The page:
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What social media does really well



Last week, after The Donald unleashed his tirade against Mexicans, I posted a petition on my Facebook page urging Macy’s to “fire” Trump by cancelling their sponsorship of his clothing line.

Lo and behold, the very next day, Macy’s announced that they were doing exactly that: they dumped Trump.

Much as I would love to take personal credit for that, I can’t. Hundreds of thousands of people signed the petition, which Macy’s apparently took very seriously. And so Donald Trump is learning that words, even hastily uttered, have consequences.

That was an example of what social media does best: galvanizing popular outrage and channeling it in effective ways. Another example is this issue of the confederate flag in South Carolina. We know how that turned out: they decided to remove the flag from their statehouse. Certainly, South Carolina’s governor, Nikki Haley, had a lot to do with the outcome, with her brave personal reaction; but in reality, it was “social media, not businesses or politicians, [that] drove [the] flag removal,” in the words of this perceptive San Francisco Chronicle piece.

Almost as soon as the dreadful Charleston church shootings were over and it was learned that the shooter fancied the confederate flag, activists began a concerted campaign to force major corporations, such as Walmart and Sears, to stop selling confederate flag-related products. Those companies responded quickly. Anti-confederate flag sentiment went viral on Twitter and other social media, and voters besieged South Carolina lawmakers, who also responded quickly, by voting to remove the flag.

I saw this power of social media to politically stimuate huge numbers of people as early as 2011, when tens of thousands of Egyptians, communicating via Twitter, mobilized in Cairo’s Tahrir Square to protest against then-President Hosni Mubarak’s repressive regime. The dictatorship responded in exactly the wrong way: by attempting to suppress Twitter and Facebook, “a grave mistake” that was “the beginning of the end” for the regime. The author Wael Ghonim has called this spectacular continuation of the Arab Spring “Revolution 2.0” in his book of the same name.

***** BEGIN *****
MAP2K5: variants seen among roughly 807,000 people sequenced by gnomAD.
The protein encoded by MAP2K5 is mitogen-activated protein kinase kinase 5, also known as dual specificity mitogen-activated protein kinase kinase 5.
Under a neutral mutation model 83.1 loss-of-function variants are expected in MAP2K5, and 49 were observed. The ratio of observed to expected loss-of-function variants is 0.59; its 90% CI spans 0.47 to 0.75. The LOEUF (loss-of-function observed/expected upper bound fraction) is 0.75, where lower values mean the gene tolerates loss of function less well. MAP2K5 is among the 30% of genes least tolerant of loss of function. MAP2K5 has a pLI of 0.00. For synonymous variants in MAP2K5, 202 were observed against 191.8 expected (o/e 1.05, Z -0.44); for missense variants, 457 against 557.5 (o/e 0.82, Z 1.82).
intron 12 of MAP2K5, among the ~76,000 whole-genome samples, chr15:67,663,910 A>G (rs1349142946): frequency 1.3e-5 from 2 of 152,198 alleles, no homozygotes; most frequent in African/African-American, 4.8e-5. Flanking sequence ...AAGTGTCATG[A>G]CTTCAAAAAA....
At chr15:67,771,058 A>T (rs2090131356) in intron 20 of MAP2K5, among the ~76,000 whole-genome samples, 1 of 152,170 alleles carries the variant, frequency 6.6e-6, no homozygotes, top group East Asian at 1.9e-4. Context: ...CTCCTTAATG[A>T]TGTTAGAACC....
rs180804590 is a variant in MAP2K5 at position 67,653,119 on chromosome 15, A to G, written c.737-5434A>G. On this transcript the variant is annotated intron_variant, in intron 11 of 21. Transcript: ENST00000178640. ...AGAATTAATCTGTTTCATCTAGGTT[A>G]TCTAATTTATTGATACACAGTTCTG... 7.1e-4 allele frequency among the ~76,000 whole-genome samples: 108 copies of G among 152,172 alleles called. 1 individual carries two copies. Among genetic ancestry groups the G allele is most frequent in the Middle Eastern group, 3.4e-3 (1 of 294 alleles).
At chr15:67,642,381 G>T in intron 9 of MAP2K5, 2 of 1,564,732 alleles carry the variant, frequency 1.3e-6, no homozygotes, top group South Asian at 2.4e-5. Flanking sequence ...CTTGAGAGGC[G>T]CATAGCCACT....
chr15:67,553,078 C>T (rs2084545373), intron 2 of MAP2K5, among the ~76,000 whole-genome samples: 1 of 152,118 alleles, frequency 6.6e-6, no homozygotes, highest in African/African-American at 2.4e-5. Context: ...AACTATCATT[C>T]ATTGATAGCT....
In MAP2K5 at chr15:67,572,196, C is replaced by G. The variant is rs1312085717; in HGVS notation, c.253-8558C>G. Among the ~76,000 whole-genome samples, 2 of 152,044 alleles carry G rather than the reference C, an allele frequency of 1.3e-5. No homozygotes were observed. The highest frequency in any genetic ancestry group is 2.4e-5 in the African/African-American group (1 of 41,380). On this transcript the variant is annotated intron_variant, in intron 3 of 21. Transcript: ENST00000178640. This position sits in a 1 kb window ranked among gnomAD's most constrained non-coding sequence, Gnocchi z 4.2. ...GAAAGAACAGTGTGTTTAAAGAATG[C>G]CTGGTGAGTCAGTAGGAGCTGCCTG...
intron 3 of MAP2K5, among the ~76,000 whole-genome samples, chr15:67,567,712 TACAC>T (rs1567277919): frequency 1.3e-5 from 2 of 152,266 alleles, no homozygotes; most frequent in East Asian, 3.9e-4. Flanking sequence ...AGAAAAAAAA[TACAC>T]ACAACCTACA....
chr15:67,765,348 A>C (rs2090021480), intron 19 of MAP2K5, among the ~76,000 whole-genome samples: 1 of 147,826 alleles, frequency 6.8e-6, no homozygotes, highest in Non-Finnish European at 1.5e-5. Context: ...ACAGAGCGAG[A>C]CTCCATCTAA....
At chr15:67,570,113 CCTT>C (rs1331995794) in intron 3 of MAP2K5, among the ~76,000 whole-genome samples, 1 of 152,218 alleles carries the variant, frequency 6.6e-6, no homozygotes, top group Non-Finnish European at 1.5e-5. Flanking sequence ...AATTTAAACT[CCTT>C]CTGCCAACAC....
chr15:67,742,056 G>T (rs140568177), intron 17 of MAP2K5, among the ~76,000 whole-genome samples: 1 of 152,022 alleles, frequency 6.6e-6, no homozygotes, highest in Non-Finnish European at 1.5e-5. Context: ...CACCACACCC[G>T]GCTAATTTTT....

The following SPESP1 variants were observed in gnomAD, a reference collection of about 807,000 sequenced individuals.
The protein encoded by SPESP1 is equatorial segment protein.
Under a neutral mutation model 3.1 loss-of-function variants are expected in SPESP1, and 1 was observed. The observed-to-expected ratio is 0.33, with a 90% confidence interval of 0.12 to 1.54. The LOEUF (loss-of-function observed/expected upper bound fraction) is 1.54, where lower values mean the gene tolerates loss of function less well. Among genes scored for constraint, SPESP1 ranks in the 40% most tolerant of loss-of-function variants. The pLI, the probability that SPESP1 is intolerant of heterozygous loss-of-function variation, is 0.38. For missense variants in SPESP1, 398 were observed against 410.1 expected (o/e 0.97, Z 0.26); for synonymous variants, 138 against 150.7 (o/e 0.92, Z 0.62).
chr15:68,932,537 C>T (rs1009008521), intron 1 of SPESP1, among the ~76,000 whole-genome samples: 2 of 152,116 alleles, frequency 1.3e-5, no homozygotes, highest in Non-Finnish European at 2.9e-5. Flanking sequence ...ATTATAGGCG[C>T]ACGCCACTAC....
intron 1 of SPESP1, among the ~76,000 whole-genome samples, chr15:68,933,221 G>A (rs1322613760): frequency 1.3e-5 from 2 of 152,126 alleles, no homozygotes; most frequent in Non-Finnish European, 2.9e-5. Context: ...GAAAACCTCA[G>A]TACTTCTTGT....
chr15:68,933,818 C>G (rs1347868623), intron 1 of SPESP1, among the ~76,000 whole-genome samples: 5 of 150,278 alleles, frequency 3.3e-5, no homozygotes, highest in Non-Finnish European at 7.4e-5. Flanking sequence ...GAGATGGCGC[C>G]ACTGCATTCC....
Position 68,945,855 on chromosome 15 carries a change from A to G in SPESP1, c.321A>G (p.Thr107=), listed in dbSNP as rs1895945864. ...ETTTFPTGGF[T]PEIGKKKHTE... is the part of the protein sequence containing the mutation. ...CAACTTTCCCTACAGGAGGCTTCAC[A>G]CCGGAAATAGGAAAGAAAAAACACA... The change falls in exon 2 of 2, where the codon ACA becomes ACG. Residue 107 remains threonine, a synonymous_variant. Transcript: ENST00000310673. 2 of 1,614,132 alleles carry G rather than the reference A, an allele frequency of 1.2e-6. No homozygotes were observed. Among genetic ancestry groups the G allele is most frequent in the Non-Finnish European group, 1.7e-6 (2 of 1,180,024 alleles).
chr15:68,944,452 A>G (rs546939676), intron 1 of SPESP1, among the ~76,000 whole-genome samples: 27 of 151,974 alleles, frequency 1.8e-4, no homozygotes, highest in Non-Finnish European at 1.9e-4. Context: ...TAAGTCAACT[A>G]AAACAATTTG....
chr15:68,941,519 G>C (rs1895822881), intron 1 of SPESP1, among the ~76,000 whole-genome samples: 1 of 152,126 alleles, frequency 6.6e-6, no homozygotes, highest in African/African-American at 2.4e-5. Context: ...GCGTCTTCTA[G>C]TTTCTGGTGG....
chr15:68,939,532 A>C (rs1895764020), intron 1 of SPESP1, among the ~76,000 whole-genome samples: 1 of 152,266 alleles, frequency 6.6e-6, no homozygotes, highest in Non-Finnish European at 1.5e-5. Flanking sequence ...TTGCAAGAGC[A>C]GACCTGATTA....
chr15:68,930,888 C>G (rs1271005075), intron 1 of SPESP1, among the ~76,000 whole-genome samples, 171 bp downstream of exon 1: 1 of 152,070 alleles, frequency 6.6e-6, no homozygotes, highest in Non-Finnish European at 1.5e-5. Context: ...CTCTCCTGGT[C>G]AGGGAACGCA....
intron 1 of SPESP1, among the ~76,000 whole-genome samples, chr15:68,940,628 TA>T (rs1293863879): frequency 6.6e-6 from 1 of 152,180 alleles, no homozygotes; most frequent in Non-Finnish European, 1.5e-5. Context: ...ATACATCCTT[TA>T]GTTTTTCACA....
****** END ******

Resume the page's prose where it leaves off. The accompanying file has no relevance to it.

This is what social media was designed for: it encourages communication and sharing, empowers and amplifies the voiceless, and can bleed over into the mainstream media when things go viral—thus influencing the course of history. I could cite instance after instance of social media’s political muscle, from the people’s overthrow of Filipino President Joseph Estrada and the similar overthrow of Spanish prime minister Jose Maria Aznar to the Catholic Church’s troubles with pedophile priests.

I celebrate social media for these reasons—and I keep in mind that social media also has a less spectacular but no less wonderful use: that of merely allowing us to stay in touch with friends (both real and digital), to learn from them and be amused and inspired and make our lives less disconnected from each other. That is a fantastic thing, McLuhan’s global village writ digitally. What is far less clear is whether social media can play a strong role in the prosaic business of selling things. That is, as Dorothy noted, a horse of a different color.


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